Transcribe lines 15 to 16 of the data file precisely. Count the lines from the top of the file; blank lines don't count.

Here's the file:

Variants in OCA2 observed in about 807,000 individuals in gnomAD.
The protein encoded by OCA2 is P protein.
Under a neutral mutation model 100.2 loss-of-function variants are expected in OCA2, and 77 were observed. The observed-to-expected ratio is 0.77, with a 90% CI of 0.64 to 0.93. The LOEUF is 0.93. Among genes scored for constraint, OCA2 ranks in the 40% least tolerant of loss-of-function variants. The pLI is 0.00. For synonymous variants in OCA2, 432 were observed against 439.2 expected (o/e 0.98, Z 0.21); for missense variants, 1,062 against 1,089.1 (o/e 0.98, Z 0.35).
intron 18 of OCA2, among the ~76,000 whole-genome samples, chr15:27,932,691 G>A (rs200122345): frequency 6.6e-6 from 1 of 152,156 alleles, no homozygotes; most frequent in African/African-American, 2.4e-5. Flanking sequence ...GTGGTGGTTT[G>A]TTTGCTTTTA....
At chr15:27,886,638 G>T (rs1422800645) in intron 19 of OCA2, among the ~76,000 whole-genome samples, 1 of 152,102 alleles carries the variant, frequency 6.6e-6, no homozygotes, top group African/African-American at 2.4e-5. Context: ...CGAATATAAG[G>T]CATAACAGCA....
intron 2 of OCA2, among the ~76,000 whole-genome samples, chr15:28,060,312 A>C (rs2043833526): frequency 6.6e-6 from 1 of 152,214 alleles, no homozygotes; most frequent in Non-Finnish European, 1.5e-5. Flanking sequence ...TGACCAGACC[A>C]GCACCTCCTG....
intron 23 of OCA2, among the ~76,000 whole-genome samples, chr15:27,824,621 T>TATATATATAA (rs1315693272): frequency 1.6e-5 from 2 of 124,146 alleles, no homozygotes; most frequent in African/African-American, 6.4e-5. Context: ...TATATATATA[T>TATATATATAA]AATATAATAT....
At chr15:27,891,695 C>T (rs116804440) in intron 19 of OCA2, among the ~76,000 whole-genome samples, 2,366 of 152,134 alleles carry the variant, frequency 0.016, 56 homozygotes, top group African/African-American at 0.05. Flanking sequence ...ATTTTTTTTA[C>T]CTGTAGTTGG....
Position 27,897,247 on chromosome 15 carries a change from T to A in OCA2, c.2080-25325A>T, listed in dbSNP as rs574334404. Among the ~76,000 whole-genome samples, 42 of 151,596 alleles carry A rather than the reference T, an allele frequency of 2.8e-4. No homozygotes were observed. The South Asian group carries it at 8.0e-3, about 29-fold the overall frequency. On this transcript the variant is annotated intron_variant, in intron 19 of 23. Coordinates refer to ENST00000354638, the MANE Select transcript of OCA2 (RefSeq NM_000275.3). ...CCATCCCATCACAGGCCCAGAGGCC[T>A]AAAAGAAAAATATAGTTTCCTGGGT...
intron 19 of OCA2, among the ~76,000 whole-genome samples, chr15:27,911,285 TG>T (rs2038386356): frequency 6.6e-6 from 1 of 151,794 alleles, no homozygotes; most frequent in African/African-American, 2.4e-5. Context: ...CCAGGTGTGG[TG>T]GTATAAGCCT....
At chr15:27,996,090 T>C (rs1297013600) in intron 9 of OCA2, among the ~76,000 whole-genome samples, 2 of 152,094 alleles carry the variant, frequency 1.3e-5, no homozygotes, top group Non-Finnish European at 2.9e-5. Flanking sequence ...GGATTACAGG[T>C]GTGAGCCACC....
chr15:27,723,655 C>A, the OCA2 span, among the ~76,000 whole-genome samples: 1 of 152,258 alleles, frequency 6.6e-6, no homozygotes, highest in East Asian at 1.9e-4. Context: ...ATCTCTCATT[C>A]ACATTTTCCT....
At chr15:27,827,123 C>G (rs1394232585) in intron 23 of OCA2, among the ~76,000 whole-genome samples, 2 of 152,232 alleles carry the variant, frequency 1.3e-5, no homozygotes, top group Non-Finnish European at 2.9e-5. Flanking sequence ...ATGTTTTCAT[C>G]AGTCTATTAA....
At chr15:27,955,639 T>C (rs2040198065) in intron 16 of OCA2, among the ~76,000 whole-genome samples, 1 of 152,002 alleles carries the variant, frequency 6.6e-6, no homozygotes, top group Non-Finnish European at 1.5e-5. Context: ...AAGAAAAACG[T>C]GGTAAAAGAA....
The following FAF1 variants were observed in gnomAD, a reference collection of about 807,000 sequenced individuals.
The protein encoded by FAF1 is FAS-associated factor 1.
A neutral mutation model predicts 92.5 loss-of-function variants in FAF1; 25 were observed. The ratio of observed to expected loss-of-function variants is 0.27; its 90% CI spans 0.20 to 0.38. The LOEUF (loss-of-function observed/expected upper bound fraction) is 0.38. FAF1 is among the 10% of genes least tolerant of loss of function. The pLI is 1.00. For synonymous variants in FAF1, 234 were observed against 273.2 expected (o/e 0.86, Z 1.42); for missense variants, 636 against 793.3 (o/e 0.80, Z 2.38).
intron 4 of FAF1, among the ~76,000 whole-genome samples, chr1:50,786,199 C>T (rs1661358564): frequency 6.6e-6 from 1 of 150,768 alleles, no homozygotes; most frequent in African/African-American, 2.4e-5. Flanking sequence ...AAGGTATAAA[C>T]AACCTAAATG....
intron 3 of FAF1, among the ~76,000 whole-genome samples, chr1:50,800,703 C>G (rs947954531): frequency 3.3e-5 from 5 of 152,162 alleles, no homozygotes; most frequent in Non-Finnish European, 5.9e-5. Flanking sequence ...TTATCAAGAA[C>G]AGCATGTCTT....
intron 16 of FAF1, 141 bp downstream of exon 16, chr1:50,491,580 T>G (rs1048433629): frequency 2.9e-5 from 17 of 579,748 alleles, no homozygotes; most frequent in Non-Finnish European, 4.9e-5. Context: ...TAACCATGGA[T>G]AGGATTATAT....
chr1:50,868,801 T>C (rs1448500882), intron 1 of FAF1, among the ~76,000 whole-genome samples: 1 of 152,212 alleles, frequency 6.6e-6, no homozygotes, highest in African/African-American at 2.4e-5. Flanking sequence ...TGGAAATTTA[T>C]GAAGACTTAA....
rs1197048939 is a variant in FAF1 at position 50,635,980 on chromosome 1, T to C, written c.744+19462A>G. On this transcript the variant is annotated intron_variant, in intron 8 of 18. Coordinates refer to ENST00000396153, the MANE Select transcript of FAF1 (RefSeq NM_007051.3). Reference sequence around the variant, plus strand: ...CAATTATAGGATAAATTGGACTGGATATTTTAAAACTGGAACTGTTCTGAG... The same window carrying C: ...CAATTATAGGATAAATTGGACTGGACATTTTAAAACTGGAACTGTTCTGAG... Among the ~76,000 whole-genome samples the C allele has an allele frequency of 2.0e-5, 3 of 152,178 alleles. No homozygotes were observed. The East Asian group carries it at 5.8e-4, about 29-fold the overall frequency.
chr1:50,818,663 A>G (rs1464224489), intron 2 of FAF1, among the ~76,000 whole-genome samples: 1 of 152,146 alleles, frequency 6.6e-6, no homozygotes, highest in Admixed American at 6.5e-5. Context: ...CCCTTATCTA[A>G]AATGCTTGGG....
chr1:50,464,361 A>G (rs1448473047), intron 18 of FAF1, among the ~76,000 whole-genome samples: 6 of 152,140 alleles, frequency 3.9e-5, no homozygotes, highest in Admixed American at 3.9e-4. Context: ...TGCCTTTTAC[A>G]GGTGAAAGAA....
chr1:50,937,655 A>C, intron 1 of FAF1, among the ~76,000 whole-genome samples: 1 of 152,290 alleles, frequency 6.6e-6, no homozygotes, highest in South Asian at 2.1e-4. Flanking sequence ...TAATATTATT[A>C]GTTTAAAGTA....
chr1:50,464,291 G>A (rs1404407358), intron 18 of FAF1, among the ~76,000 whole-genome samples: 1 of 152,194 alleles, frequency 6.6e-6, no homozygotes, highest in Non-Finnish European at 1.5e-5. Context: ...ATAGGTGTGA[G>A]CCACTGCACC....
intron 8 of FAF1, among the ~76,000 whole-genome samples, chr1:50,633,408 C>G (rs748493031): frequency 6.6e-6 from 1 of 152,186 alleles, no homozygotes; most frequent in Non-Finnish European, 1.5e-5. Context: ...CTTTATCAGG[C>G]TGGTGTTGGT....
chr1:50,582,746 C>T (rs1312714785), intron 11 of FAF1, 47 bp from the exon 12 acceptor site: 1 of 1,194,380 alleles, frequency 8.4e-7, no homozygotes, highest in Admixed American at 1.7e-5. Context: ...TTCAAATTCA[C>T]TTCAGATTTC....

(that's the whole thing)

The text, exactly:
The following FAF1 variants were observed in gnomAD, a reference collection of about 807,000 sequenced individuals.
The protein encoded by FAF1 is FAS-associated factor 1.